Thank you, Mr. President, for convening this very important open debate and for seeking to bring a comprehensive perspective to the situation in Somalia. Let me also thank the Secretary General for his informative briefing. I would also like to thank TFG Prime Minister Mohamed for his remarks and Special Representatives Mahiga and Diarra for their participation today.
Mr. President, on behalf of the United States, let me express my deepest condolences for those killed and wounded in the recent fighting in Somalia against al-Shabaab and its allies. In the current offensive, peacekeepers from the African Union Mission in Somalia and Somali National Security Forces have shown professionalism, dedication, and courage. We owe them our gratitude. I commend the resolve and commitment of the troop-contributing governments of Burundi and Uganda. The international community needs to do more to support AMISOM’s troop, equipment, and resource needs.
The situation in Somalia, as we have heard this morning, remains alarming. The Somali population face a dire humanitarian situation. We are gravely concerned about the approximately 2.4 million Somalis in urgent need of humanitarian assistance—most of them living in areas held by al-Shabaab, areas where humanitarian space is shrinking. More than a year ago, the World Food Program was forced to suspend its programs in Shabaab-held territory due to threats and demands against WFP staff, and al-Shabaab has expelled several NGOs and other United Nations agencies. The inability to deliver humanitarian assistance under deteriorating conditions has meant that significantly more Somalis are seeking refuge and aid in neighboring countries. My government commends the efforts of UNHCR, WFP, UNICEF, the ICRC, and others as they continue to provide services under difficult conditions to the internally displaced and to Somali refugees in Kenya, Djibouti, Yemen, and Ethiopia, whose governments we thank for their hospitality.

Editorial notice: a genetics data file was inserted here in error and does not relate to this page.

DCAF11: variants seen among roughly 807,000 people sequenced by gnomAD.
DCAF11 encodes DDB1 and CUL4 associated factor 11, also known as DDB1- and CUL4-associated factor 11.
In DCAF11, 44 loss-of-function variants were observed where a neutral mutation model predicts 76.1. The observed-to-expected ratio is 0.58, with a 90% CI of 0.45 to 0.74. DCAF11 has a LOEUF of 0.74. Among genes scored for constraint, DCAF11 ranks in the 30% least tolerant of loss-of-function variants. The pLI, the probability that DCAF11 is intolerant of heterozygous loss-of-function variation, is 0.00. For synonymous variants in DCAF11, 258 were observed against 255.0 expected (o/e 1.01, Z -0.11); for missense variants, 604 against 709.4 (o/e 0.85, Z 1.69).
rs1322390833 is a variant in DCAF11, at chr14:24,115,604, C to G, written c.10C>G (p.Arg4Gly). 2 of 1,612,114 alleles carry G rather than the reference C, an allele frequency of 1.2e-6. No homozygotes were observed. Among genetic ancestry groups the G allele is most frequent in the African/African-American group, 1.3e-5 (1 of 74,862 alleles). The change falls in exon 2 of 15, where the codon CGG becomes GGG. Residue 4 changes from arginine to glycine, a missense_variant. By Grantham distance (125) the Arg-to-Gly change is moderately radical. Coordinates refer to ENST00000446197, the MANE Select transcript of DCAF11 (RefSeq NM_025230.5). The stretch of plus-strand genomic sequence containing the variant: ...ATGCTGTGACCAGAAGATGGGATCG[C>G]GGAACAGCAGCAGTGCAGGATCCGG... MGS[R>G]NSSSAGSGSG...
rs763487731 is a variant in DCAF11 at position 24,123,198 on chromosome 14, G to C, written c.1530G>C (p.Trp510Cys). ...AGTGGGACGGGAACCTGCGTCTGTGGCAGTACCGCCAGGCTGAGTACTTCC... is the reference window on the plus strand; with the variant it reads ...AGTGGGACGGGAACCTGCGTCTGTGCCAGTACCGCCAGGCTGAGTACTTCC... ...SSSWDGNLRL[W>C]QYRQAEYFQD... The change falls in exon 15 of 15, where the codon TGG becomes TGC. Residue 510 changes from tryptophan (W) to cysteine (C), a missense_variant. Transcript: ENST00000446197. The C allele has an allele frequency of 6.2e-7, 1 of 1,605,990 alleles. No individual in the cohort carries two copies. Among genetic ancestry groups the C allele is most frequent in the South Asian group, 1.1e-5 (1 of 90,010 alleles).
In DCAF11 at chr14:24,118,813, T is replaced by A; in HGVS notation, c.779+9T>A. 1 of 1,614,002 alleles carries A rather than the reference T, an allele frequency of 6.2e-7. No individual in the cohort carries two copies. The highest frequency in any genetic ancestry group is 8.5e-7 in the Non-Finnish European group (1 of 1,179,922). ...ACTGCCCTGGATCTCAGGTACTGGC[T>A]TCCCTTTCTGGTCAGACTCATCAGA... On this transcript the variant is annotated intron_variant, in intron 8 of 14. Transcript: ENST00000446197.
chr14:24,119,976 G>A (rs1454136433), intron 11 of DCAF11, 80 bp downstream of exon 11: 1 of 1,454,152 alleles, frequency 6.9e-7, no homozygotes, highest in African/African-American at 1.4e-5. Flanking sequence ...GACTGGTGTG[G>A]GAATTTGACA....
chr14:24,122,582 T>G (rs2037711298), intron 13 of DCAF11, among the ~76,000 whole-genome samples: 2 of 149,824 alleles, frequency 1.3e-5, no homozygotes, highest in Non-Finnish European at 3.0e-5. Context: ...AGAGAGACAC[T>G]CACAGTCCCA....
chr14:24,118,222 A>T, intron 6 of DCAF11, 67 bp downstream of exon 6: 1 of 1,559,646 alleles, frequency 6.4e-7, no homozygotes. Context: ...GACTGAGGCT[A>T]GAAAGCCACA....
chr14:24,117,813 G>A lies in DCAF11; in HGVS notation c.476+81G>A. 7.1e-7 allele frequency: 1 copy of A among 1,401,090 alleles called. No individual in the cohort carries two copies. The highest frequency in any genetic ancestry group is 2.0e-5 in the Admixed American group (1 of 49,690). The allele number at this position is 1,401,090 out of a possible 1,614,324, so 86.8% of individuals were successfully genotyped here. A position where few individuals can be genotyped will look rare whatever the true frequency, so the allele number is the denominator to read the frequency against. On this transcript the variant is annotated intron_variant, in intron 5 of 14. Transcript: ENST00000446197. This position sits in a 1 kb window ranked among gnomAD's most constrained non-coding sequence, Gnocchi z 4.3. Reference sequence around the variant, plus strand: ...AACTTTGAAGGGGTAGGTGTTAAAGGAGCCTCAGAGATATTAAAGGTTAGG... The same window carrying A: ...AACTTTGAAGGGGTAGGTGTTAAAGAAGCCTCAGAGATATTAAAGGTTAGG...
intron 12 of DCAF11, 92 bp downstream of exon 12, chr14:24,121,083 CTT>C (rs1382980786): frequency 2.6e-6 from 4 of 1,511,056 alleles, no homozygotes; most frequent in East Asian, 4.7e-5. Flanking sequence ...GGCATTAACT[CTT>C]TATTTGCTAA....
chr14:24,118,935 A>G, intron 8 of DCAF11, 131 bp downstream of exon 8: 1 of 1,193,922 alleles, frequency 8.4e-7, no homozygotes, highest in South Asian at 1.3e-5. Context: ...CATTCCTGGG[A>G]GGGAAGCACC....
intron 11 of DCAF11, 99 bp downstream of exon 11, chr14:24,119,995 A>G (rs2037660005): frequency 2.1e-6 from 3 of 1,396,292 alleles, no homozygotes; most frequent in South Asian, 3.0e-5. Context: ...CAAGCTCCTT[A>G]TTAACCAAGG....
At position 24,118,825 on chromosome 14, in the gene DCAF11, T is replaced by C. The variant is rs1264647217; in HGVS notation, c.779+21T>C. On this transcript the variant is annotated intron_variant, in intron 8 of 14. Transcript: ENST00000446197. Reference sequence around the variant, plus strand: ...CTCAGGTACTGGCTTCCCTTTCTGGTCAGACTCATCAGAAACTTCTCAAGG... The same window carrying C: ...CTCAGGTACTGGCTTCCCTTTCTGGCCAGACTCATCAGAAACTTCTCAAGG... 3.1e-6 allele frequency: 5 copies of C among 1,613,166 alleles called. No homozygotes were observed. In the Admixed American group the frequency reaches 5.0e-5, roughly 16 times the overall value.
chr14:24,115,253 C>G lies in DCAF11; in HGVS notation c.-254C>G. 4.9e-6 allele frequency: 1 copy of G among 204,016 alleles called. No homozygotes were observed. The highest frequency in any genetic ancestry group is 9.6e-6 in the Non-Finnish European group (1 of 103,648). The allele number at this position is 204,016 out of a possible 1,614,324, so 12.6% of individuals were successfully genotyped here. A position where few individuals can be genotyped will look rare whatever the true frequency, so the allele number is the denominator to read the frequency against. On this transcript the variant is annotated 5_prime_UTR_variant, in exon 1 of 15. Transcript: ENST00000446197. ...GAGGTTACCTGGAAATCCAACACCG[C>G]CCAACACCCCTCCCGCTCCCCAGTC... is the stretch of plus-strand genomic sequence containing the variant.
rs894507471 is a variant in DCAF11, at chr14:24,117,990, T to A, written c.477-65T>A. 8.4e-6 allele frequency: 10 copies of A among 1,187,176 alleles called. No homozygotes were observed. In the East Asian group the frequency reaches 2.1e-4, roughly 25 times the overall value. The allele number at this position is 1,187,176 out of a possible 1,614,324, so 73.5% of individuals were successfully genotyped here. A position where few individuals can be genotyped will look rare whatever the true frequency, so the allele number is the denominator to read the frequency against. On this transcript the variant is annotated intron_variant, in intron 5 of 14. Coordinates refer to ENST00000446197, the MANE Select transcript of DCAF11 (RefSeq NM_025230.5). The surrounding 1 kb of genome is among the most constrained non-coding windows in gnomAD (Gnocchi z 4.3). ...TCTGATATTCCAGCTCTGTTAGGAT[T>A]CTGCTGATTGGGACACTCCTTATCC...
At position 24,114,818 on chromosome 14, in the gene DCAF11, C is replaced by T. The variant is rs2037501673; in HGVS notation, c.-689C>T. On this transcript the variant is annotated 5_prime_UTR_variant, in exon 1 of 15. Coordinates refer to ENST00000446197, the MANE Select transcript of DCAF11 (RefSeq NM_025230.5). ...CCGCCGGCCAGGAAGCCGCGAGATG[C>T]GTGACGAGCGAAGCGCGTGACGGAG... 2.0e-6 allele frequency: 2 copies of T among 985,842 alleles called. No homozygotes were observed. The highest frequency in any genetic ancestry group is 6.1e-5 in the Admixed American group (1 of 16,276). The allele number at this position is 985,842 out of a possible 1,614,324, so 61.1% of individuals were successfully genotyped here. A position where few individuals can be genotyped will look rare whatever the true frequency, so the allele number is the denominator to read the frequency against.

Mr. President, we are deeply concerned by the continued threats to peace and security posed by radical extremists, criminals, and other spoilers in Somalia. Instability and lack of economic opportunity continue to fuel piracy off the coast of Somalia, which threatens not only the Somali people and seafarers but the stability of the region as a whole.
Piracy off the coast of Somalia is seriously hindering the delivery of vital humanitarian aid to the region, international trade through the Indian Ocean, and the welfare of seafarers passing through the waters off the coast. Last month, as has been noted, four Americans tragically lost their lives while being held hostage by Somali pirates. The level of violence being used by pirates is escalating and their range of operations is broadening. These are troubling trends, and the international community, including this Council, must do more to address this flatly unacceptable situation by not only stepping up prevention efforts and enhancing judicial accountability but also going after those who finance, plan, and organize piracy activities. In this regard, the United States recently hosted an ad hoc meeting of interested members of the Contact Group on Piracy off the Coast of Somalia to explore more what the international community can do to go after those who unlawfully profit from these despicable activities. We strongly urge the international community to support these efforts.